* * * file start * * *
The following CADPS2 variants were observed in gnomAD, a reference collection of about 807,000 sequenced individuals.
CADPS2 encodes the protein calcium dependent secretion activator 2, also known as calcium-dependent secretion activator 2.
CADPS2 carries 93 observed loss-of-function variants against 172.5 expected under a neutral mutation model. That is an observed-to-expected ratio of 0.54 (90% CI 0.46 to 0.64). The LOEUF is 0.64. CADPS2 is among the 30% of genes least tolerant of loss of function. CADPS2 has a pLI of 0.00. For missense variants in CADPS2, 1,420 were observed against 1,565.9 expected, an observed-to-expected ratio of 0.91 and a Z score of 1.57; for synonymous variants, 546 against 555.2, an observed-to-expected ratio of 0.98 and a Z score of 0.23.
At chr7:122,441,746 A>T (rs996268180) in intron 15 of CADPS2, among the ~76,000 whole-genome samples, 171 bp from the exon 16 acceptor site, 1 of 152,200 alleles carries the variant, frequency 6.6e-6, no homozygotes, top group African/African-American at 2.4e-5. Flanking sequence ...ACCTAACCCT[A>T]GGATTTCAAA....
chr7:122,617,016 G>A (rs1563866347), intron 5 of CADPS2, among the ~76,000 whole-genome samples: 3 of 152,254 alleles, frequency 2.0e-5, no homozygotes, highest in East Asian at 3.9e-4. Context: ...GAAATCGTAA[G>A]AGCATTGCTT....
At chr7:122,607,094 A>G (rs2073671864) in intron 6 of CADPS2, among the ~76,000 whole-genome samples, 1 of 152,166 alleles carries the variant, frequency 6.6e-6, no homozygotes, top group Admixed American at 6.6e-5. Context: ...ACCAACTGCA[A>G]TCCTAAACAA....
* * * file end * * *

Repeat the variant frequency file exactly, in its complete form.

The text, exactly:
The following CADPS2 variants were observed in gnomAD, a reference collection of about 807,000 sequenced individuals.
CADPS2 encodes the protein calcium dependent secretion activator 2, also known as calcium-dependent secretion activator 2.
CADPS2 carries 93 observed loss-of-function variants against 172.5 expected under a neutral mutation model. That is an observed-to-expected ratio of 0.54 (90% CI 0.46 to 0.64). The LOEUF is 0.64. CADPS2 is among the 30% of genes least tolerant of loss of function. CADPS2 has a pLI of 0.00. For missense variants in CADPS2, 1,420 were observed against 1,565.9 expected, an observed-to-expected ratio of 0.91 and a Z score of 1.57; for synonymous variants, 546 against 555.2, an observed-to-expected ratio of 0.98 and a Z score of 0.23.
At chr7:122,441,746 A>T (rs996268180) in intron 15 of CADPS2, among the ~76,000 whole-genome samples, 171 bp from the exon 16 acceptor site, 1 of 152,200 alleles carries the variant, frequency 6.6e-6, no homozygotes, top group African/African-American at 2.4e-5. Flanking sequence ...ACCTAACCCT[A>T]GGATTTCAAA....
chr7:122,617,016 G>A (rs1563866347), intron 5 of CADPS2, among the ~76,000 whole-genome samples: 3 of 152,254 alleles, frequency 2.0e-5, no homozygotes, highest in East Asian at 3.9e-4. Context: ...GAAATCGTAA[G>A]AGCATTGCTT....
At chr7:122,607,094 A>G (rs2073671864) in intron 6 of CADPS2, among the ~76,000 whole-genome samples, 1 of 152,166 alleles carries the variant, frequency 6.6e-6, no homozygotes, top group Admixed American at 6.6e-5. Context: ...ACCAACTGCA[A>G]TCCTAAACAA....